You are right it was a pump and go now that I've gone back to look at it. It was 3:00 in the morning; I was going off memory. Like you said the defensive play call was designed to have the safety bail to the deep center of the. And Allen pre-determined he was going to the "pump and go" seam route, the only deep route near the center of the field. You telling me the safety would not have been there anyway? Also, who are you looking off when you think there is no safety in the middle of the field. By "not stepping in" I thought you were implying he should have tried to drill the ball in. From what I can see he did try to step into the throw but had a guy a split second from hitting him in the chest just as he threw it. Off memory I said loft because I remember it had some arc to it rather than his usual ropes. "So far ahead" I guess is subjective; the ball landed close enough to the TE that he ran into the safety intercepting the ball. Considering there was a man bearing down on him it was an OK throw on a rainy night. I agree pre-determining what you are going to do based on what you see pre-snap is not very good but it's also NOT "terrible"; most Spread QBs do that almost every play. You said it was a "terrible INT". If that is terrible then we need a new adjective to describe some of his other INTs. The guy has some real ugly INTs on tape go back and watch his 2016 games. Darnold and Rosen has some beauts too; this INT is of the mundane variety. Like I said in my original post, the key there is did he learn something from it? Does he habitually get fooled into picks based on what he sees pre-snap? While it's certainly not elite NFL level QB play it's certainly not bad. Bad would be not recognizing the pre-snap look to begin with. I know what good NFL QB play requires but I'm rational enough to not expect to see it consistently from a college prospect. Most young QBs are guilty of too often staring down WRs and are susceptible to be fooled occasionally by a pre-snap look. It's something the good ones get better at through time.
  10. Josh Allen Film Review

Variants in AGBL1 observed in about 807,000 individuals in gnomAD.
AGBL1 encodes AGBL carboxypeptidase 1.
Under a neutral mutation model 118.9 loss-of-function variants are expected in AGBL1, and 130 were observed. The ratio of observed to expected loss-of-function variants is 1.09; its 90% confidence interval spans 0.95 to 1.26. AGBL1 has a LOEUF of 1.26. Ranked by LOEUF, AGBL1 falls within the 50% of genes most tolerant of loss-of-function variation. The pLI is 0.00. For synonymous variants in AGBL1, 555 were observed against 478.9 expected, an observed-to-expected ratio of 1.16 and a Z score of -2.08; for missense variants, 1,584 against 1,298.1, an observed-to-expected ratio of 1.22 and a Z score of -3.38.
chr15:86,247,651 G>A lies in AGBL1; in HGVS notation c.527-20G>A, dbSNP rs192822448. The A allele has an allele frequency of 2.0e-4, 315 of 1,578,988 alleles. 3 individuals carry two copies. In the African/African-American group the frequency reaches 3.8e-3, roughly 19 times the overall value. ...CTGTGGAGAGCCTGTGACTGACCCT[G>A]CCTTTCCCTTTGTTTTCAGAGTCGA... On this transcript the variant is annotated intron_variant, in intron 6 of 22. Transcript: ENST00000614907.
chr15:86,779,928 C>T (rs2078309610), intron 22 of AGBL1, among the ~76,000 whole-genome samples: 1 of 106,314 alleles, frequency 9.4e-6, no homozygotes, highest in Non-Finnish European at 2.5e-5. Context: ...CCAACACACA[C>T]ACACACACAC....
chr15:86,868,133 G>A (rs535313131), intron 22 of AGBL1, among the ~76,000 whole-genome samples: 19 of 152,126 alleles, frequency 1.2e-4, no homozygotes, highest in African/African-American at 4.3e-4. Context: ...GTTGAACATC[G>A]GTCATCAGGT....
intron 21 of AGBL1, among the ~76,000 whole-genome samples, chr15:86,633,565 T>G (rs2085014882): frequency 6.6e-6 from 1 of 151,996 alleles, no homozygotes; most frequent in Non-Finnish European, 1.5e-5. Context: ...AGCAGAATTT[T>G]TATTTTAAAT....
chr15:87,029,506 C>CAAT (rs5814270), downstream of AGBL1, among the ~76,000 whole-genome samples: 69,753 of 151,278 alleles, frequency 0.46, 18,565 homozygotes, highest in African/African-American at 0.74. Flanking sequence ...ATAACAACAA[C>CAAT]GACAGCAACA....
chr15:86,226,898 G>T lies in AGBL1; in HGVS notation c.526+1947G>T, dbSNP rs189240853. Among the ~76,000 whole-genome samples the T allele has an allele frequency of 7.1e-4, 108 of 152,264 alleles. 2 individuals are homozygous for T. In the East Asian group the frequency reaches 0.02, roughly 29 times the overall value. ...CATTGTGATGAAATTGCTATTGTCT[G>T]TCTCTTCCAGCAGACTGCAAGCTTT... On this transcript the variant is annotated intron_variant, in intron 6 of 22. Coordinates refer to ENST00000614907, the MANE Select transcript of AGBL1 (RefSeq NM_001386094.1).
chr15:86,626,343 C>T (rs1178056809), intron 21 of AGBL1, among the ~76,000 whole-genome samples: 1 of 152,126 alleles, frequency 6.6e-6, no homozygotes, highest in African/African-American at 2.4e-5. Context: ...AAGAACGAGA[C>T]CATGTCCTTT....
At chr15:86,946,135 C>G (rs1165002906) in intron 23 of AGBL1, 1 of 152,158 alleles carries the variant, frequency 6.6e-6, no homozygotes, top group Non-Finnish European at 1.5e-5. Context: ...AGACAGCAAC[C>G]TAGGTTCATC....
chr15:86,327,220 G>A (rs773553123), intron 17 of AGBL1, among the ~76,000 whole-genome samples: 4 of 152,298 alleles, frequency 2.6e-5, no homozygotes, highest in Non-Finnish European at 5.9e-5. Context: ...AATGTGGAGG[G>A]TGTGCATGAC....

I don't think anything; for the moment I was just properly breaking down the play for the record.
  11. Josh Allen Film Review

    Except for the pressure part (Boise St showed blitz pre-snap but only rushed 4 yet still got pressure on Allen), almost everything else you wrote about the INT is incorrect. Let's break it down. -"...but Allen stared down the deep ball on his right" He pump faked to the right first then threw the ball to the seam route. You can't stare down a receiver if you are first pump faking to someone else. -"...bringing over the S" The safety in question was lined up over the slot WR on Allen's left pre-snap. Immediately, after the ball was snapped he bailed to the middle of the field and the weak side LB dropped to cover his man. This means this was a designed defensive call. -"...short-arms the throw to an open WR who had beaten his CB. If he's going to throw that ball, he has to step into the throw and pay the price for it" It was the TE (#81 Austin Fort) NOT WR who had beaten the other S NOT a CB. Allen was thinking TD on that play that is why he did not step into the throw but instead lofted it trying to "lead" the WR. That was actually an example of him throwing with some "anticipation", a trait many say he lacks. He "anticipated" zero coverage (no safety in the middle of the field) because that was the look he got pre-snap. -"...he also had an open WR short that he passed up (or never saw)" Are you talking about the WR to the far right that he pump faked to first? Not trying to be a d*ck, but if you are going analyze film you have to know what you are looking at. It was more a perfect storm of a brilliant defensive play call/disguise combined with Allen predetermining what he was going to do post-snap based on what he saw pre-snap. If Boise St stayed in that look that would have been the perfect read, right throw and a TD. They fooled and ultimately baited Allen into that INT. I've seen the best NFL QBs get caught on a great defensive call. The question is did he learn from it. Note this was the same INT Mayock pop quizzed him on at his pro-day to test his play recall and describe what he saw pre and post snap. Scouts see all the little nuances; fans just see "terrible INT".
  12. It wasn't an endorsement just a fact. That's what the man said. Thought it was relevant in a thread about another NFL insider from a different network saying the same thing.